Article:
Debunking myths about veganism

Haley Duval, Senior Photo Editor

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Seven myths about the vegan diet. 

Myth No. 1: All vegans are skinny.

A popular myth about the vegan diet is that vegans are all skinny. 

But the truth is, veganism looks different on everybody. There are fat vegans and thin vegans. 

Everyone’s body works in different ways. Just because we have a similar diet doesn’t mean we all have the same body type. 

Myth No. 2: Veganism is an eating disorder. 

Just to be clear it’s possible veganism can cause an eating disorder, if not going into the lifestyle for the right reasons, but that’s a different topic I’ll talk about another time. 

Myth No. 3: Vegans are too judgemental toward meat-eaters.

Some non-vegans have the impression that vegans think they’re better than them because they think we try to make them feel guilty about eating meat. 

From my own experience and viewpoint, I don’t care if someone chooses to eat meat and my fellow vegan mutuals I know feel the same. 

Myth No. 4: Vegans need to drink cow’s milk to get calcium.

We all heard the slogans about milk since we could remember: Drinking milk is good for the body and it makes our bones strong. But does it? 

Calcium, one of the most abundant minerals in the body, plays an important role in bone health, blood clotting, muscle function, and nerve communication, as well as supporting a healthy heart rhythm. 

Humans do not need to get nutritional requirements from cow’s milk, or any other animal milk. 

The body does need additional nutrients to get calcium, but animal’s milk isn’t the only way we can get it. 

Multiple health experts say kale, pak choi, okra, spring greens, dried figs, chia seeds, and almonds are good sources of calcium. 

Which sounds good to mix it up in daily meals once in a while.

Myth No. 5: Vegans are weak.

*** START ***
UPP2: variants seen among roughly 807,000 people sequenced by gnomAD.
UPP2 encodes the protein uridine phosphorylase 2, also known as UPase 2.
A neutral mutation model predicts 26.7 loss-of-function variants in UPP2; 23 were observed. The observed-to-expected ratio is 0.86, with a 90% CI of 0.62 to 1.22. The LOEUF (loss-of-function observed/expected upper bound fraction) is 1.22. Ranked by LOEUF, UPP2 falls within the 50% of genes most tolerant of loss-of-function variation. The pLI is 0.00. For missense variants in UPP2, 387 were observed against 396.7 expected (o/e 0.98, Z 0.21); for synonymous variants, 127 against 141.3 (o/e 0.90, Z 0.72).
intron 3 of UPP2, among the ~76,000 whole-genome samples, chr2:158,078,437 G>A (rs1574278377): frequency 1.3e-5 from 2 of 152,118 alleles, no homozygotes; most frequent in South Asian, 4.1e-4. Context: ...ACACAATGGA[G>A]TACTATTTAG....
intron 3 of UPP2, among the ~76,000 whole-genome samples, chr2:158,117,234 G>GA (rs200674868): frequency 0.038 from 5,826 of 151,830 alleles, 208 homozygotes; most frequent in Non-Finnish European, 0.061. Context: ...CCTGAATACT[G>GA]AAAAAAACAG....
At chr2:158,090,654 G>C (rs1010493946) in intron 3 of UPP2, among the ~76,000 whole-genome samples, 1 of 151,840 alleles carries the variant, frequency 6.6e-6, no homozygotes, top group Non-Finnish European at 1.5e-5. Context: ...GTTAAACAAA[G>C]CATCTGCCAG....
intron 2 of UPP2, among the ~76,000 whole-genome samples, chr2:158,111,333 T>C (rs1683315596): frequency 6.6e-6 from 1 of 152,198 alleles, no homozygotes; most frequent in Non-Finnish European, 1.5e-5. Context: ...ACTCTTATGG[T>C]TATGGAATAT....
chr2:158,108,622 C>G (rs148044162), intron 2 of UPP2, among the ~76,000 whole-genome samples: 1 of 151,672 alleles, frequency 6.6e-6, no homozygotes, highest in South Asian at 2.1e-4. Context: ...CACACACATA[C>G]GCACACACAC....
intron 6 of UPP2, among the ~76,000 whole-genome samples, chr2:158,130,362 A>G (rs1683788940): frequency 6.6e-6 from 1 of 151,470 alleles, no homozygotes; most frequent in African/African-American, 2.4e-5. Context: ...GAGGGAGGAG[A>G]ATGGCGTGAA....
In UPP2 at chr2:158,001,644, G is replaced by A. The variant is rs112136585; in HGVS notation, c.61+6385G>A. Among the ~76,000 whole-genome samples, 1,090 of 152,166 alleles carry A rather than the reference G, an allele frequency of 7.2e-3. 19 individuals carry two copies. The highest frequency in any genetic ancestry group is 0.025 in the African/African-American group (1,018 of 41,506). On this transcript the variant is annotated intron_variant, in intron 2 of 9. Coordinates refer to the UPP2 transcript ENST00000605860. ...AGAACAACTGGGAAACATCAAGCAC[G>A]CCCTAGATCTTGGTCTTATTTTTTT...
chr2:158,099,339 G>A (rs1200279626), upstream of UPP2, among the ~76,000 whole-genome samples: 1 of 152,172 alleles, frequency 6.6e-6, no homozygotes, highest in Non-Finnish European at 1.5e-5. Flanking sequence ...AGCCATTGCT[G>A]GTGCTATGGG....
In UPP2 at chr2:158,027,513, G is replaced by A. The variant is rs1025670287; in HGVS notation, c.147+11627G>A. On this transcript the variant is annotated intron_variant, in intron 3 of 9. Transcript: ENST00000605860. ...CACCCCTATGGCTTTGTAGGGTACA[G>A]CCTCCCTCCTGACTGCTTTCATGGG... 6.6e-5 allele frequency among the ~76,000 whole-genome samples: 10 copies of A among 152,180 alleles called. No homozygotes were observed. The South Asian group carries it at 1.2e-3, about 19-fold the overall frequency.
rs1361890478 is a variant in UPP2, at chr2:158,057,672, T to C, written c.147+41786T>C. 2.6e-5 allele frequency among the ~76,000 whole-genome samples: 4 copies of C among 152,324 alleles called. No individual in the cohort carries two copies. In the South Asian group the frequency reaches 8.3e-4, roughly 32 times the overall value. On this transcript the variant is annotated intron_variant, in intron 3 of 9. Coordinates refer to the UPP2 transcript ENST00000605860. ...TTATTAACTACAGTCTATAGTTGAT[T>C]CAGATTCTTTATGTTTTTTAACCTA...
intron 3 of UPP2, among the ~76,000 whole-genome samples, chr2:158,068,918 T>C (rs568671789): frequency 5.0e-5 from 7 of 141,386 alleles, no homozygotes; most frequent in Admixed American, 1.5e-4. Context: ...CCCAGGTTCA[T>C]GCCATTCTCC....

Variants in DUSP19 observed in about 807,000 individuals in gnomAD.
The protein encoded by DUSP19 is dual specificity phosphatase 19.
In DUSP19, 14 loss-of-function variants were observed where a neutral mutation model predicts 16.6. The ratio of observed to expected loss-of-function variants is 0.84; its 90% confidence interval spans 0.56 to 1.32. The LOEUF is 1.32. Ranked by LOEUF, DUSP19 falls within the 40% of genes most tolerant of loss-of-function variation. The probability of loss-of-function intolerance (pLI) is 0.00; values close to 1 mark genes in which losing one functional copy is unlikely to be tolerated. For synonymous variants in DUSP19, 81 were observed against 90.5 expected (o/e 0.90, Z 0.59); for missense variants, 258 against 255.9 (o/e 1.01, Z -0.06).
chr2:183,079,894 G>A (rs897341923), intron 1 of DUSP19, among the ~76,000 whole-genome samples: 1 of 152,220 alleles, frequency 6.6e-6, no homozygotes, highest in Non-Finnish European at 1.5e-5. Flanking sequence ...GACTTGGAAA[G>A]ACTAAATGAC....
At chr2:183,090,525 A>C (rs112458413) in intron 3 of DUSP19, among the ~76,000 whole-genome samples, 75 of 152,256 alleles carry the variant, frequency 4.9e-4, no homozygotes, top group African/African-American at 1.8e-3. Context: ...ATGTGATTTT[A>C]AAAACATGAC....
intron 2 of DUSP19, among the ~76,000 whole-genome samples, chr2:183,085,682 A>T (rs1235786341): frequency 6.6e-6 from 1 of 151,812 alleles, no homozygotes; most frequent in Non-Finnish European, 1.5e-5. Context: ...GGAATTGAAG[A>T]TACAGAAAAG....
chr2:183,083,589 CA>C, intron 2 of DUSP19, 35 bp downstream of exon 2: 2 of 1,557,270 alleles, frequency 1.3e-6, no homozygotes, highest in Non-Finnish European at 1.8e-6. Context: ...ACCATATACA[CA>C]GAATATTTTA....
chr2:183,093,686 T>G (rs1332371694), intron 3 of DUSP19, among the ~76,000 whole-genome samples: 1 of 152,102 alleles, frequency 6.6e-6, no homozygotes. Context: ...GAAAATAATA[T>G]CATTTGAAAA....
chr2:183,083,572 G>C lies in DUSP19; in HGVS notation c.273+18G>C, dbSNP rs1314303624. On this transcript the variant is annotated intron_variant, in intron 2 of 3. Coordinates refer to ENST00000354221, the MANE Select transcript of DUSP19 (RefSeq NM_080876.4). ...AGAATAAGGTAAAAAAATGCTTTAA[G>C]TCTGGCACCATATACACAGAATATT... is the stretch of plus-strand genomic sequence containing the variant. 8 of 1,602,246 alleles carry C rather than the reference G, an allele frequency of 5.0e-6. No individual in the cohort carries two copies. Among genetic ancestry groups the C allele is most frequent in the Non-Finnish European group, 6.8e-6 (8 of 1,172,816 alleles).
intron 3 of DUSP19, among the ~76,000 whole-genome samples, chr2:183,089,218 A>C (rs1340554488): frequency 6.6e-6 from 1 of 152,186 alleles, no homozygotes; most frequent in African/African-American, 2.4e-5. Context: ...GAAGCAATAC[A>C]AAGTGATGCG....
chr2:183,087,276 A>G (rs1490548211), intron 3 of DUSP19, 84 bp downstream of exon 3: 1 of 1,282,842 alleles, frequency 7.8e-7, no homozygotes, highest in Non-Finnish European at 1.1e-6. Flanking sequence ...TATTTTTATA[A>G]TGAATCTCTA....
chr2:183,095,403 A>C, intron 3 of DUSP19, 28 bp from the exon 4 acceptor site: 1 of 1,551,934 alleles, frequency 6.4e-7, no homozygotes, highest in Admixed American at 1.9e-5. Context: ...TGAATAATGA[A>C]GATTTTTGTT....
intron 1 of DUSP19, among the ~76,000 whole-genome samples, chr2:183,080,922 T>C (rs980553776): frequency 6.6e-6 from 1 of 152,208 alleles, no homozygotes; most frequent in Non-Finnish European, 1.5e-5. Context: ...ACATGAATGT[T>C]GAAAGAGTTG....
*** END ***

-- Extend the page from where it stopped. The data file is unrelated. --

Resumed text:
If you follow the diets of professional athletes, you would notice, follows a vegan diet. Including former professional boxer Mike Tyson, Ricky Williams one of the NFL’s first vegan players, American former track and field athlete Carl Lewis, former NBA champion John Salley, former professional boxer David Haye, Cyclist David Zabriskie, Soccer star Dwayne De Rosario, MMA fighter Jake Shields, Ultra-marathon runner Scott Jurek and so much more. 

If these athletes do not change your mind about vegans being weak, I’m not sure what will.

Myth No. 6: The vegan diet is not suitable for children. 

Some people say it’s “unfair” or even “cruel” to have a child eat vegan food because the child does not have the choice of eating meat, but isn’t that argument the same thing as serving a child a slice of meat without a choice? 

According to pediatric dietitian Katie Nowacki, RD, a vegan lifestyle can be healthy for kids as long they are “getting all the vitamins and nutrients their growing bodies require.”

Myth No. 7: Salads are vegans favorite and only meal to eat. 

I love salads as much as the next person, but speaking for myself, it is not my favorite thing to eat. Some of my favorite vegan meals to eat are a vegetarian pizza without cheese, MorningStar Farm’s veggie chicken nuggets and spicy veggie chicken patties, the new plant-based beyond burger from Carl’s Jr, brown rice and beans with homemade tortillas, any form of potato and I can continue listing my list but all it’s doing is making me hungry. 

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